AFTER 11 years of having its north tower hidden from view by scaffolding, the Saint-Sulpice church in Paris is finally able to show its full beauty again after a €28 million restoration project.
Built in the 17th century, it is one of the most beautiful churches in the city, but has been disfigured by the scaffolding and mesh that covered the repair works while parts of the north tower were dismantled stone by stone.
The works, paid for half and half by the state and the Ville de Paris, were vital to repair damage started by Prussian gunners in 1871 and added to by decades of pollution and weathering since.
The metal frame of the tower was badly corroded and dangerous, and the repair works meant dismantling the belfry and its five bells (Thérèse, Caroline, Louise, Marie et Henriette, weighing 54 tonnes in total) and four statues.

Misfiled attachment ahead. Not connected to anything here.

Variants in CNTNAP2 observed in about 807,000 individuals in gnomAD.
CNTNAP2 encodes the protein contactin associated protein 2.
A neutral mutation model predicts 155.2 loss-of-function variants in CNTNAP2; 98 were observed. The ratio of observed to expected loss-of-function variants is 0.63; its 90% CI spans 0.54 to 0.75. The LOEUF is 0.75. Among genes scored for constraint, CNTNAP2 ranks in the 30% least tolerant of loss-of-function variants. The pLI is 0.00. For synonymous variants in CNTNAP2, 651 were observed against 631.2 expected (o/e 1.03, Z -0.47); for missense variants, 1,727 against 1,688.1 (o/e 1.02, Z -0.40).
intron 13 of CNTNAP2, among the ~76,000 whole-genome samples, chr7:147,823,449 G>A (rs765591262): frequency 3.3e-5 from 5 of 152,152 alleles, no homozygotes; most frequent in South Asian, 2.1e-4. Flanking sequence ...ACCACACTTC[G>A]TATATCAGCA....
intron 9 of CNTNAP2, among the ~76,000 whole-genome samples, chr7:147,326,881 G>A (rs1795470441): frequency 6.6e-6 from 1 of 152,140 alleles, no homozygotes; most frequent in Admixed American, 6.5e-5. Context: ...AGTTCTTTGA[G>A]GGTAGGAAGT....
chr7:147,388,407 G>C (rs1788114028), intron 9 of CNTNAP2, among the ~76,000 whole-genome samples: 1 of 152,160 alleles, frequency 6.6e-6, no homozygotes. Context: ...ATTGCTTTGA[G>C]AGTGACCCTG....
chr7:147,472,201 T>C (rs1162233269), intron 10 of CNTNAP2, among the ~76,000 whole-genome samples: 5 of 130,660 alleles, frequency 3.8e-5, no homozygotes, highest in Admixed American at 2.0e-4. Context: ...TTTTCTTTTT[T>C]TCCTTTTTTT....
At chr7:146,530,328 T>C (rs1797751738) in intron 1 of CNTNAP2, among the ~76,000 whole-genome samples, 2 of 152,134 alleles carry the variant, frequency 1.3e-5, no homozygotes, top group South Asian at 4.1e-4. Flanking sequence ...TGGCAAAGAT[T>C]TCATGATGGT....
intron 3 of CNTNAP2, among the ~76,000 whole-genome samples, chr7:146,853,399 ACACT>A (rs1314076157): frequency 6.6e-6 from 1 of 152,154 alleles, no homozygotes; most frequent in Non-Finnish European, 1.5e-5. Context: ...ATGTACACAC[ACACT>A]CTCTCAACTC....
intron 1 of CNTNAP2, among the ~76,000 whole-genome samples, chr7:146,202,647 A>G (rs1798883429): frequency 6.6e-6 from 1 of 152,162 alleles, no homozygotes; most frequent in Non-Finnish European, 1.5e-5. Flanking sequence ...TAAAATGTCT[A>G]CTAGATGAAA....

It is famous these days for being mentioned in the Da Vinci Code, where author Dan Brown said the gnomon used to mark the solstices was the Paris meridian and a clue to
unlock the secret of the Holy Grail.
Many thousands have visited the church searching for their own grail, to the dismay of the church authorities, for whom it is still a place of worship. They put up a notice, in English, saying: "Contrary to fanciful allegations in a recent bestselling novel, this is not the vestige of a pagan temple. No such temple ever existed in this place."
Sited on the Rive Gauche and not far from Notre Dame, it hosted the marriage of Victor Hugo and the baptisms of the Marquis de Sade and Baudelaire.
Inside, it has frescoes by Delacroix, but its real attraction is the 1781 organ, one of the world's largest with 6,588 pipes.